The European Union and the Republic of Moldova held third round of human rights dialogue in Brussels last week. The dialogue was held in a frank and constructive atmosphere, confirming Moldova’s commitment to tangible improvements in the protection of human rights, reported the European External Action Service (EEAS).
The exchange of views on the human rights situation in the Republic of Moldova focused on the fight against all forms of discrimination, the human rights situation in the Transnistrian region, the freedom of the media and the fight against impunity and ill-treatment.
The Moldovan law on ensuring equality, adopted last week by the Moldovan Parliament, was discussed in detail. The EU received reassurances that the law is intended to cover all grounds for discrimination in line with the international commitments of the Republic of Moldova, “even though some are only implicitly mentioned”.
At the same time, the Moldovan side committed to issuing guidelines on the implementation of the law, which will be monitored by the EU within the existing dialogue frameworks. The EU reiterated its attachment to the general principles and values stated in the EU Treaties and the Charter of Fundamental Rights.
Several other areas requiring further discussion and cooperation were identified. A follow-up expert seminar on fighting impunity will be organized in the second half of the year. The EU took note of the Republic of Moldova’s commitments to human rights under international law and the ENP Action Plan. The EU expressed its readiness to continue supporting the Republic of Moldova in deepening reforms.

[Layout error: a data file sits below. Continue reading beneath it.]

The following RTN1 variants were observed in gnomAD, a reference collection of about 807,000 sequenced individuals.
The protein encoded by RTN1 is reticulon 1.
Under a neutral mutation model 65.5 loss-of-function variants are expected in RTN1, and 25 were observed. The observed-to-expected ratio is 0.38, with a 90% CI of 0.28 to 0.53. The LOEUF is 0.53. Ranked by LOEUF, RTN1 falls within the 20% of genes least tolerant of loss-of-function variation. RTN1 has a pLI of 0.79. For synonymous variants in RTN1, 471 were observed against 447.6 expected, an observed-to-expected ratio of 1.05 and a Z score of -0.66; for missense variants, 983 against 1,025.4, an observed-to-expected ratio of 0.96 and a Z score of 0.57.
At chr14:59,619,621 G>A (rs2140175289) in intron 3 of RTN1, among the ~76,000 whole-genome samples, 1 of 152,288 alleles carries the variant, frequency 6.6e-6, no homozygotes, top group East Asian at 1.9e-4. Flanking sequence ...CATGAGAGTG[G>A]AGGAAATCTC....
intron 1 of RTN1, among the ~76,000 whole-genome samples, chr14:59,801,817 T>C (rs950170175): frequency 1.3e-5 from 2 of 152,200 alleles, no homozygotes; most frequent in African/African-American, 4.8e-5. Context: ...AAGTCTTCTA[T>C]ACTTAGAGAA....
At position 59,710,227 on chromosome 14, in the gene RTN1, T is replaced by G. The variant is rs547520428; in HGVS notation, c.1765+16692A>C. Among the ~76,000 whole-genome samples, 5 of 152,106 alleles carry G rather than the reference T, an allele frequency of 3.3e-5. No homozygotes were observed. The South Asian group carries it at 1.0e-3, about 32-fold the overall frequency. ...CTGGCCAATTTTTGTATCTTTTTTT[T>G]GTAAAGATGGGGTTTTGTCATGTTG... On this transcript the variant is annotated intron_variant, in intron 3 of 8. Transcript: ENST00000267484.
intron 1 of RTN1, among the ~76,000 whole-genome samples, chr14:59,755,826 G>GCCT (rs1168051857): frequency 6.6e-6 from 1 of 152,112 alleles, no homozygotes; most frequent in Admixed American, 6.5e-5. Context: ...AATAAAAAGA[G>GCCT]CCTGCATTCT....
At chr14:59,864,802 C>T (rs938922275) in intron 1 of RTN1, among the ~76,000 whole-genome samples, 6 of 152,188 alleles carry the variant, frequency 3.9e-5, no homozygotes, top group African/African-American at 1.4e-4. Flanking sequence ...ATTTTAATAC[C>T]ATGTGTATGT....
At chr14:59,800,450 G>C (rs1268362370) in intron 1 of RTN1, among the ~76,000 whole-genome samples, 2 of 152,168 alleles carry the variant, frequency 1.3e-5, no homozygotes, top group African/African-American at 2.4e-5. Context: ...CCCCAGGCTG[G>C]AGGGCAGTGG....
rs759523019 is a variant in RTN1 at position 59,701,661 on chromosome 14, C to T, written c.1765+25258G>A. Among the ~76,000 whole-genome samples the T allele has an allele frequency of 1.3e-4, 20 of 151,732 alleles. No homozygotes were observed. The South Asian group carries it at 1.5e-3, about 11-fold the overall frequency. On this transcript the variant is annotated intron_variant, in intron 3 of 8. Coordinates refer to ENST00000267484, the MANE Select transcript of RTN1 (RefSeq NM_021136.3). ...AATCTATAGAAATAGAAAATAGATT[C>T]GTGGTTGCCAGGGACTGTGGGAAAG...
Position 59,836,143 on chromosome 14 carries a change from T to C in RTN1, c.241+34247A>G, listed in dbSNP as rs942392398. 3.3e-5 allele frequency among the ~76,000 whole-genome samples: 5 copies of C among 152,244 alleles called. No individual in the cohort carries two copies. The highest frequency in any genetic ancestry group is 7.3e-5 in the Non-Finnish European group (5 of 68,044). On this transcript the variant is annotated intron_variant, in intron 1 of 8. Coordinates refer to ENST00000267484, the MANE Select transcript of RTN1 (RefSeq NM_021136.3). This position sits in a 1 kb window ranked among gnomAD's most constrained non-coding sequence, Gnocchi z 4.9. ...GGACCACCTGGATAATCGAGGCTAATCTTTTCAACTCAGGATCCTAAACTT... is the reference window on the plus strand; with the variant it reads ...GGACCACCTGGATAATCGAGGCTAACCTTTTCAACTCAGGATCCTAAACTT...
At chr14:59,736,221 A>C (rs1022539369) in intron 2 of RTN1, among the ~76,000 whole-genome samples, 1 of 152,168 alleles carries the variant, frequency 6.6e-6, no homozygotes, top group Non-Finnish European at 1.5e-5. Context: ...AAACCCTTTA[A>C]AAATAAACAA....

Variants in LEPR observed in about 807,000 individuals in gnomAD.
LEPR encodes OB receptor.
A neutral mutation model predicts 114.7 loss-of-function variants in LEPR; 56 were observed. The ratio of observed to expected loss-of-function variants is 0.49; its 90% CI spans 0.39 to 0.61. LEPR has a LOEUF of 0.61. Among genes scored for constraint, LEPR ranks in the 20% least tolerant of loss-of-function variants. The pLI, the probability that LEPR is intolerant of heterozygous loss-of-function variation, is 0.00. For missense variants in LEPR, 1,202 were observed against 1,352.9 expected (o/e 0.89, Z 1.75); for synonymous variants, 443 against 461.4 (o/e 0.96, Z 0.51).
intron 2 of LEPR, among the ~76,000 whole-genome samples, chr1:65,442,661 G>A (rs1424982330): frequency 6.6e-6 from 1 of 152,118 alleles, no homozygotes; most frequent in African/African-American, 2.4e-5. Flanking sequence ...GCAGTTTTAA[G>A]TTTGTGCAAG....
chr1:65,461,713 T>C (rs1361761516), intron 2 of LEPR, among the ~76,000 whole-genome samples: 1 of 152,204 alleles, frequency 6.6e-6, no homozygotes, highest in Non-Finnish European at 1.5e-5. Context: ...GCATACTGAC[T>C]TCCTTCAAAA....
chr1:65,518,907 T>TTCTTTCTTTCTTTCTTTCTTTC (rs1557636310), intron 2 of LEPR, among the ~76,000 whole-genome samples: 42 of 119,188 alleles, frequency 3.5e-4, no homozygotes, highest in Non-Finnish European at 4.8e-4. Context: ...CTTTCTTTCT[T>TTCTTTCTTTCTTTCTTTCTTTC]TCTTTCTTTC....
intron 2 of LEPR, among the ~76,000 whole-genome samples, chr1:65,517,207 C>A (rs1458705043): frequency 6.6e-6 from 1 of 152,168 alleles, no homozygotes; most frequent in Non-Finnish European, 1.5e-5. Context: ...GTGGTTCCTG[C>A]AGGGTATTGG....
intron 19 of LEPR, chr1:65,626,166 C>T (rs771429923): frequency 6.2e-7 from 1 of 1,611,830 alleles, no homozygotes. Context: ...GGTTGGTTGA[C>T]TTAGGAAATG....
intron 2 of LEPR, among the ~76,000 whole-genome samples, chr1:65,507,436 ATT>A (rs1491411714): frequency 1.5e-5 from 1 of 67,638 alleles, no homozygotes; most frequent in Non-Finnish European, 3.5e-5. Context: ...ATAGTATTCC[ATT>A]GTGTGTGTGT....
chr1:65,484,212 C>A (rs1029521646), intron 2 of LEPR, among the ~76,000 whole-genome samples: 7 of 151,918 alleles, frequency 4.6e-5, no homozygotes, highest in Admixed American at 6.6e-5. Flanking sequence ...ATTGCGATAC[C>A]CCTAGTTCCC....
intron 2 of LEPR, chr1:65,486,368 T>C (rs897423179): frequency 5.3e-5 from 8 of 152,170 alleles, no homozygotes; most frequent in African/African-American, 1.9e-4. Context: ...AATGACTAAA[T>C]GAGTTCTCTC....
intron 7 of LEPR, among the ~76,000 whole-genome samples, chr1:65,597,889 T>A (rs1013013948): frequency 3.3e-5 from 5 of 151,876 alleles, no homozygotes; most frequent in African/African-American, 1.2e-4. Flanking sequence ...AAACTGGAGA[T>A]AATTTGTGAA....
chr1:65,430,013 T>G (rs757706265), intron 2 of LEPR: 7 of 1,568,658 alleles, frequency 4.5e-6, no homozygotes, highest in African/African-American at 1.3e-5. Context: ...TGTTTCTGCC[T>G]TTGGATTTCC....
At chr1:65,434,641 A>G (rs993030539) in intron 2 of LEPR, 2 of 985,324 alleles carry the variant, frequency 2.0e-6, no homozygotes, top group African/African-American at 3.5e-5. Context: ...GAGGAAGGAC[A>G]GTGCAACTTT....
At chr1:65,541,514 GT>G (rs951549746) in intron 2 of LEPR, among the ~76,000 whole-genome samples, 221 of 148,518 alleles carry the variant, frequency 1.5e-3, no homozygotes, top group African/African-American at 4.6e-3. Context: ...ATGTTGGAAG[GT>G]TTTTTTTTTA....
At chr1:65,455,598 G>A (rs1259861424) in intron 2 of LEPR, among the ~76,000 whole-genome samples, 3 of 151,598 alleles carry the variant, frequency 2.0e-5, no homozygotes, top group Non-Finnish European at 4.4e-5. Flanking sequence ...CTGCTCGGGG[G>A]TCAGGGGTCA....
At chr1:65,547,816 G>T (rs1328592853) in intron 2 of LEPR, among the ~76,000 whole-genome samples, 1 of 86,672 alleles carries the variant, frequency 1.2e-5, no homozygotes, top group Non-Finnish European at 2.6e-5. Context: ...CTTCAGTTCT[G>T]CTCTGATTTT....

The EU and the Republic of Moldova also discussed their cooperation on human rights issues within international organizations, in particular at the forthcoming June 2012 session of the UN Human Rights Council.
In keeping with the EU’s practice of incorporating the voice of society into its meetings on human rights with third countries, the EU met with representatives of Moldovan and international NGOs prior to the consultations, and invited them to attend the latter as observers.
The delegation of the Republic of Moldova was led by Vladimir Grosu, Deputy Minister of Justice, and the EU delegation – by Riina Kionka, Head of Division for Human Rights Policy Guidelines at the European External Action Service.
Catherine Ashton, the High Representative of the European Union for Foreign Affairs and Security Policy and Vice-President of the European Commission, welcomed the adoption of the law on ensuring equality. Her press secretary Maja Kocijancic said over Radio Free Europe that tolerance has a particular importance for any country with European strivings.
She admitted that, really, some changes concerning sexual orientation were introduced into the document, “but from our point of view, this does not change the very character of the law. This topic was considered also within the framework of the dialog on human rights, when it was said that all rights shall be observed, including those of sexual minorities’. In the visa facilitation plane, the adoption of this law gives a passing score for transition to a second phase”.